This time is for difficult spiritual exercises by those of us who are implicated in sinful cycles. Each of us of all races and genders and class backgrounds and sexualities and ability levels must look honestly at ourselves and our place in oppression, interpersonal and communal, and seek teshuvah–usually translated as atonement but literally meaning “turning.” This is our time of turning towards a path of love and justice. This is our time to exercise faith in turning to a path we may not even be able to imagine. Because until we are absolutely honest about the path we are on, we will never be able to see, much less travel, along the path we seek.

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Doomsday for DOMA

As citizens of the United States, both Jenni and Autumn are very aware of the two major decision issued by the Supreme Court of the United States today. For those of you who are less familiar, it goes something like this… The Supreme Court of the United States ruled that the Federal Defense of Marriage Act, which defined marriage as between one man and one woman, was unconstitutional and therefore must be overturned. The Supreme Court of the United States also ruled on California’s Proposition 8, in short, that same-sex marriage is still legal in the state of California. Currently there 12 of the 50 states in the United States allow same-sex marriage. Many places of worship are now able to offer all the people of their congregation federal rights with their marriage blessings.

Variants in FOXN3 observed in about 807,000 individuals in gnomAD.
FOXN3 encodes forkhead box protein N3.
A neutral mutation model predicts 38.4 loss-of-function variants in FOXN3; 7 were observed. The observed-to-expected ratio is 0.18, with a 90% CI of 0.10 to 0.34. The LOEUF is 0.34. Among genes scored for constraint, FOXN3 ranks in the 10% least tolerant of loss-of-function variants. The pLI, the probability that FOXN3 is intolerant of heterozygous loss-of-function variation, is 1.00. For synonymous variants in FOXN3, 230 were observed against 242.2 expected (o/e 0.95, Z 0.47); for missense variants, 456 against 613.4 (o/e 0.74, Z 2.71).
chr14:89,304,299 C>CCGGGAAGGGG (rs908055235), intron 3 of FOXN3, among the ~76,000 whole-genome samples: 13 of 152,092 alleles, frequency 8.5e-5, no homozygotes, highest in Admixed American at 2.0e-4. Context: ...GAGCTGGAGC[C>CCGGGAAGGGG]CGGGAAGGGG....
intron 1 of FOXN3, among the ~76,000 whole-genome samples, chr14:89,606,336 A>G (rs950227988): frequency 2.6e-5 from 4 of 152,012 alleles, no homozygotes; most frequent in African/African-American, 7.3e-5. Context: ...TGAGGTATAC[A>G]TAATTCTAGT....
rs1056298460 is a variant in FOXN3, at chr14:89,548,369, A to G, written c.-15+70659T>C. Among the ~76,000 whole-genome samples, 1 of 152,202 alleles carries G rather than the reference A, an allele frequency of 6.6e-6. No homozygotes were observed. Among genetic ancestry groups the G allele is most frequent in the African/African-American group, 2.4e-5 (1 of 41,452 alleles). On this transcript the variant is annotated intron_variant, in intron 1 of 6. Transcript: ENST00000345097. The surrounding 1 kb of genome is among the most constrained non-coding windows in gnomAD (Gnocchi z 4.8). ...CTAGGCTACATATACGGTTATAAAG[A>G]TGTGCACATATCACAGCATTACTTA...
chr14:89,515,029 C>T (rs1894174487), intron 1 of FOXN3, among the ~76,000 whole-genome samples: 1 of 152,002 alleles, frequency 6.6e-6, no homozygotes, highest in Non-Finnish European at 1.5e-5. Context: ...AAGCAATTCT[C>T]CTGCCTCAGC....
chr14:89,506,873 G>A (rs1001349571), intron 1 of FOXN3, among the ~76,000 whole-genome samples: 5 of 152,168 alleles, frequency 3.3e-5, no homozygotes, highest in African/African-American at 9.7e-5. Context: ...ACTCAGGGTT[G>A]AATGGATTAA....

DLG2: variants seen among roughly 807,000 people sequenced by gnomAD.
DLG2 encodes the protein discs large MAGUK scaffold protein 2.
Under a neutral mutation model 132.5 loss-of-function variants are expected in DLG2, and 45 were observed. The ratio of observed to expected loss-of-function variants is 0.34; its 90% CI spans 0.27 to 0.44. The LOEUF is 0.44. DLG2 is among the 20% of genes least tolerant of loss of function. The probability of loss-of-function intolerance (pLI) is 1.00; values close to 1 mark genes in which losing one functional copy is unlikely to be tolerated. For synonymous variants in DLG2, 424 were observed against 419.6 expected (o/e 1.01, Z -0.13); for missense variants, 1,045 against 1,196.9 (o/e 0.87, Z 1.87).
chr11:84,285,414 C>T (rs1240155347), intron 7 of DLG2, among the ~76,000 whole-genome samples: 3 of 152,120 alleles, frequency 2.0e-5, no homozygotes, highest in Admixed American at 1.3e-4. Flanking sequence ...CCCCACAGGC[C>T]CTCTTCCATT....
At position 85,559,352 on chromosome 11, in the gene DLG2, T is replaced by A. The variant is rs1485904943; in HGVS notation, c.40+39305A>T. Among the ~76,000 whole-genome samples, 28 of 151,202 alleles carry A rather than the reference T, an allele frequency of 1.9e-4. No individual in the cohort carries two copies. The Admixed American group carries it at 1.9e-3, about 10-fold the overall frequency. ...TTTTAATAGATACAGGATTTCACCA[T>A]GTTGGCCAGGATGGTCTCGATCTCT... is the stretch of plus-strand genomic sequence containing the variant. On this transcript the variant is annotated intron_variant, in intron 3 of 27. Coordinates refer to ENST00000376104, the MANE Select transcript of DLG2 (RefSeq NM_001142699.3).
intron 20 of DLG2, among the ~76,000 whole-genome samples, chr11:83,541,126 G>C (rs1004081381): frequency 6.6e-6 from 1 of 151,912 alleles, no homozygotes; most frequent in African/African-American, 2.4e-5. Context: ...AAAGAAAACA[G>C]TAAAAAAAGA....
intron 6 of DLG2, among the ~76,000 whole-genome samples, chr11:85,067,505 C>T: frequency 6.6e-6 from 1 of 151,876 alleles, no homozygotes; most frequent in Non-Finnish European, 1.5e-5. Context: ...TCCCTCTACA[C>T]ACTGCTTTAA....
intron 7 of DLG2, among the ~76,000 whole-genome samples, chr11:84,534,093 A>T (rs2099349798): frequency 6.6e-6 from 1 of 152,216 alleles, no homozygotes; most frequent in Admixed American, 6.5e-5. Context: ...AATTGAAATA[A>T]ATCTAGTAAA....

We will be posting several different perspectives on these rulings (including yours if you want to submit)  in the coming days and weeks. We look forward to hearing from people world-wide on these historic decisions, but as always, hateful speech will not be tolerated, diversity of opinion, however, is always welcome.  Here to kick us off with his perspective on today’s events is Nate Litz, a good Jewish boy from Saint Louis, Missouri.

Today’s Supreme Court of the United States rulings on California’s Prop 8 and the Defense of Marriage Act are a true victory for not only LGBTQ rights but also basic Human rights.  I hope that these progressive rulings and the media coverage of them has brought to light the mistreatment of minority groups in America. Unfortunately, a good deal of this mistreatment has been under the disguise of religion. I think that using religion as a way to demonize any group of people is absurd.  I believe religion in its simplest form is about love and gratitude. It is about being thankful for the lives we live (where, how, with whom) and being thankful to the deity (whatever that may be) that provided life and love for us.  By discriminating against those with whom we disagree, we bastardize that love.  We as a culture, a society, and a world must ALL work together to better ourselves and the nations in which we live.  Congratulations to those who fought tooth and nail for this victory.  Today is a day to celebrate.